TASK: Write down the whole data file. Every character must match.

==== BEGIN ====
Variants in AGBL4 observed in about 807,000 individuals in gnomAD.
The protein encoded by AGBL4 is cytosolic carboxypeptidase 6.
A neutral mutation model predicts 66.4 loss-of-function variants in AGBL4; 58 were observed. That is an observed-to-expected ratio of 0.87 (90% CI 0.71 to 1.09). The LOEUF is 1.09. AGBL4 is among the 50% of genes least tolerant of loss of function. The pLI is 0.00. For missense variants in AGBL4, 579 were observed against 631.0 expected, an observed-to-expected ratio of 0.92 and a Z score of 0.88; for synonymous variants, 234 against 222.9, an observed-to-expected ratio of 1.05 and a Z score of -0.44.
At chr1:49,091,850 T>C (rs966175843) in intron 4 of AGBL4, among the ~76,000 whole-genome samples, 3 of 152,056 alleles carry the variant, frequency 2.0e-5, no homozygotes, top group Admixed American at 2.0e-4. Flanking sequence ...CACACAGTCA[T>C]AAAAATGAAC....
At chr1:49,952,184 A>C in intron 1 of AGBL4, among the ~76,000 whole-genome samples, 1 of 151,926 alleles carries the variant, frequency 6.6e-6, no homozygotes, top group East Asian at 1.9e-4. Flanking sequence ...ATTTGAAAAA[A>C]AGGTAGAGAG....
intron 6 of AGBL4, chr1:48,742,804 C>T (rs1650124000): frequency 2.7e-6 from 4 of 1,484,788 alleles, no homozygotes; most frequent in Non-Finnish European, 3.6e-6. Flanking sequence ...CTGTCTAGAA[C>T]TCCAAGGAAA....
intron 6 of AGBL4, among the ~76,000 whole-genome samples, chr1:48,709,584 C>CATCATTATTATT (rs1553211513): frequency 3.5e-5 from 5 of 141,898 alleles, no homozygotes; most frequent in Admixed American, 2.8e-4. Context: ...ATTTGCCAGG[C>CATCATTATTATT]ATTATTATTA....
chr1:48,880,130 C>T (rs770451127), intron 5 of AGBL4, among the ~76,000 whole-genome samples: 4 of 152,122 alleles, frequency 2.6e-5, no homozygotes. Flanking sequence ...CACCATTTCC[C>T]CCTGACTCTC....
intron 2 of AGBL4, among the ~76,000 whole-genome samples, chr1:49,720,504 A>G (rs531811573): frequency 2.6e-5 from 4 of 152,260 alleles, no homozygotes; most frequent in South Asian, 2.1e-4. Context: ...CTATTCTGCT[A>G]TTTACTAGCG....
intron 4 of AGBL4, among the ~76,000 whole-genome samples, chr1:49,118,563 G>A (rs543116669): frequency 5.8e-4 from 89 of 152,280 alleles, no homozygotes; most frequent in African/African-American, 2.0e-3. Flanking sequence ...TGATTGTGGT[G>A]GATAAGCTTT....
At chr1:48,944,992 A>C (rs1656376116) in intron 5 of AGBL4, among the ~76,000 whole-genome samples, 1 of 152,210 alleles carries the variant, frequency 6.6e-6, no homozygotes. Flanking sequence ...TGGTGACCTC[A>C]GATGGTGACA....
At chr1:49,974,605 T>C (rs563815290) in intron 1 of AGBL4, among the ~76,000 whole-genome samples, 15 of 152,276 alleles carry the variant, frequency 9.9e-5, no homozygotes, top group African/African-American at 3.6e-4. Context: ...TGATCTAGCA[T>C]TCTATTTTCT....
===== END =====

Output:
Variants in AGBL4 observed in about 807,000 individuals in gnomAD.
The protein encoded by AGBL4 is cytosolic carboxypeptidase 6.
A neutral mutation model predicts 66.4 loss-of-function variants in AGBL4; 58 were observed. That is an observed-to-expected ratio of 0.87 (90% CI 0.71 to 1.09). The LOEUF is 1.09. AGBL4 is among the 50% of genes least tolerant of loss of function. The pLI is 0.00. For missense variants in AGBL4, 579 were observed against 631.0 expected, an observed-to-expected ratio of 0.92 and a Z score of 0.88; for synonymous variants, 234 against 222.9, an observed-to-expected ratio of 1.05 and a Z score of -0.44.
At chr1:49,091,850 T>C (rs966175843) in intron 4 of AGBL4, among the ~76,000 whole-genome samples, 3 of 152,056 alleles carry the variant, frequency 2.0e-5, no homozygotes, top group Admixed American at 2.0e-4. Flanking sequence ...CACACAGTCA[T>C]AAAAATGAAC....
At chr1:49,952,184 A>C in intron 1 of AGBL4, among the ~76,000 whole-genome samples, 1 of 151,926 alleles carries the variant, frequency 6.6e-6, no homozygotes, top group East Asian at 1.9e-4. Flanking sequence ...ATTTGAAAAA[A>C]AGGTAGAGAG....
intron 6 of AGBL4, chr1:48,742,804 C>T (rs1650124000): frequency 2.7e-6 from 4 of 1,484,788 alleles, no homozygotes; most frequent in Non-Finnish European, 3.6e-6. Flanking sequence ...CTGTCTAGAA[C>T]TCCAAGGAAA....
intron 6 of AGBL4, among the ~76,000 whole-genome samples, chr1:48,709,584 C>CATCATTATTATT (rs1553211513): frequency 3.5e-5 from 5 of 141,898 alleles, no homozygotes; most frequent in Admixed American, 2.8e-4. Context: ...ATTTGCCAGG[C>CATCATTATTATT]ATTATTATTA....
chr1:48,880,130 C>T (rs770451127), intron 5 of AGBL4, among the ~76,000 whole-genome samples: 4 of 152,122 alleles, frequency 2.6e-5, no homozygotes. Flanking sequence ...CACCATTTCC[C>T]CCTGACTCTC....
intron 2 of AGBL4, among the ~76,000 whole-genome samples, chr1:49,720,504 A>G (rs531811573): frequency 2.6e-5 from 4 of 152,260 alleles, no homozygotes; most frequent in South Asian, 2.1e-4. Context: ...CTATTCTGCT[A>G]TTTACTAGCG....
intron 4 of AGBL4, among the ~76,000 whole-genome samples, chr1:49,118,563 G>A (rs543116669): frequency 5.8e-4 from 89 of 152,280 alleles, no homozygotes; most frequent in African/African-American, 2.0e-3. Flanking sequence ...TGATTGTGGT[G>A]GATAAGCTTT....
At chr1:48,944,992 A>C (rs1656376116) in intron 5 of AGBL4, among the ~76,000 whole-genome samples, 1 of 152,210 alleles carries the variant, frequency 6.6e-6, no homozygotes. Flanking sequence ...TGGTGACCTC[A>C]GATGGTGACA....
At chr1:49,974,605 T>C (rs563815290) in intron 1 of AGBL4, among the ~76,000 whole-genome samples, 15 of 152,276 alleles carry the variant, frequency 9.9e-5, no homozygotes, top group African/African-American at 3.6e-4. Context: ...TGATCTAGCA[T>C]TCTATTTTCT....